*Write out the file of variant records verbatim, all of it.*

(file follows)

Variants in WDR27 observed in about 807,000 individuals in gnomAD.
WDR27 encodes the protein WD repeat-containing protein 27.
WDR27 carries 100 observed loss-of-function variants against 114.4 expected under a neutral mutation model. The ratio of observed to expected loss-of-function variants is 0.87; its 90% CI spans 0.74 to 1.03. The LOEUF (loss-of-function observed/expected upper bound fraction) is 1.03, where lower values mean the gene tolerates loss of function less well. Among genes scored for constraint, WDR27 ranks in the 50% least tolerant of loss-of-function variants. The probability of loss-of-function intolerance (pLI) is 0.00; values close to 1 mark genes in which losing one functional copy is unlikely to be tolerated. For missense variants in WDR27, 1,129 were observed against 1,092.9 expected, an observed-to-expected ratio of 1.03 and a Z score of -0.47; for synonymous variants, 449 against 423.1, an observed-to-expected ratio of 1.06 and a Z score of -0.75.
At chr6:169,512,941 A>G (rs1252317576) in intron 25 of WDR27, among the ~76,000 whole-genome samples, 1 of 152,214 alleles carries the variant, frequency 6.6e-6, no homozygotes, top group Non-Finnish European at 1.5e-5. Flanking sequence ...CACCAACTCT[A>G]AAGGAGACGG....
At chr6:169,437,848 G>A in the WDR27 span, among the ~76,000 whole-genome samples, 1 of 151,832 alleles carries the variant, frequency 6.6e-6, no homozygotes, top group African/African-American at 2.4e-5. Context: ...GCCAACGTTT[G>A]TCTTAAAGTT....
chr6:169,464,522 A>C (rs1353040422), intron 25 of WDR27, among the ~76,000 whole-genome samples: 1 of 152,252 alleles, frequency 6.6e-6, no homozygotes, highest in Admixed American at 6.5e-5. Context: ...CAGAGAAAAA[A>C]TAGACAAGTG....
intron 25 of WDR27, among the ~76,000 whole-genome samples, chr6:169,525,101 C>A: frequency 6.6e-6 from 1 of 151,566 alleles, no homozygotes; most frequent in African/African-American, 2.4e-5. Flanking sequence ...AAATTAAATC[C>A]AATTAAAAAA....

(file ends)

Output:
Variants in WDR27 observed in about 807,000 individuals in gnomAD.
WDR27 encodes the protein WD repeat-containing protein 27.
WDR27 carries 100 observed loss-of-function variants against 114.4 expected under a neutral mutation model. The ratio of observed to expected loss-of-function variants is 0.87; its 90% CI spans 0.74 to 1.03. The LOEUF (loss-of-function observed/expected upper bound fraction) is 1.03, where lower values mean the gene tolerates loss of function less well. Among genes scored for constraint, WDR27 ranks in the 50% least tolerant of loss-of-function variants. The probability of loss-of-function intolerance (pLI) is 0.00; values close to 1 mark genes in which losing one functional copy is unlikely to be tolerated. For missense variants in WDR27, 1,129 were observed against 1,092.9 expected, an observed-to-expected ratio of 1.03 and a Z score of -0.47; for synonymous variants, 449 against 423.1, an observed-to-expected ratio of 1.06 and a Z score of -0.75.
At chr6:169,512,941 A>G (rs1252317576) in intron 25 of WDR27, among the ~76,000 whole-genome samples, 1 of 152,214 alleles carries the variant, frequency 6.6e-6, no homozygotes, top group Non-Finnish European at 1.5e-5. Flanking sequence ...CACCAACTCT[A>G]AAGGAGACGG....
At chr6:169,437,848 G>A in the WDR27 span, among the ~76,000 whole-genome samples, 1 of 151,832 alleles carries the variant, frequency 6.6e-6, no homozygotes, top group African/African-American at 2.4e-5. Context: ...GCCAACGTTT[G>A]TCTTAAAGTT....
chr6:169,464,522 A>C (rs1353040422), intron 25 of WDR27, among the ~76,000 whole-genome samples: 1 of 152,252 alleles, frequency 6.6e-6, no homozygotes, highest in Admixed American at 6.5e-5. Context: ...CAGAGAAAAA[A>C]TAGACAAGTG....
intron 25 of WDR27, among the ~76,000 whole-genome samples, chr6:169,525,101 C>A: frequency 6.6e-6 from 1 of 151,566 alleles, no homozygotes; most frequent in African/African-American, 2.4e-5. Flanking sequence ...AAATTAAATC[C>A]AATTAAAAAA....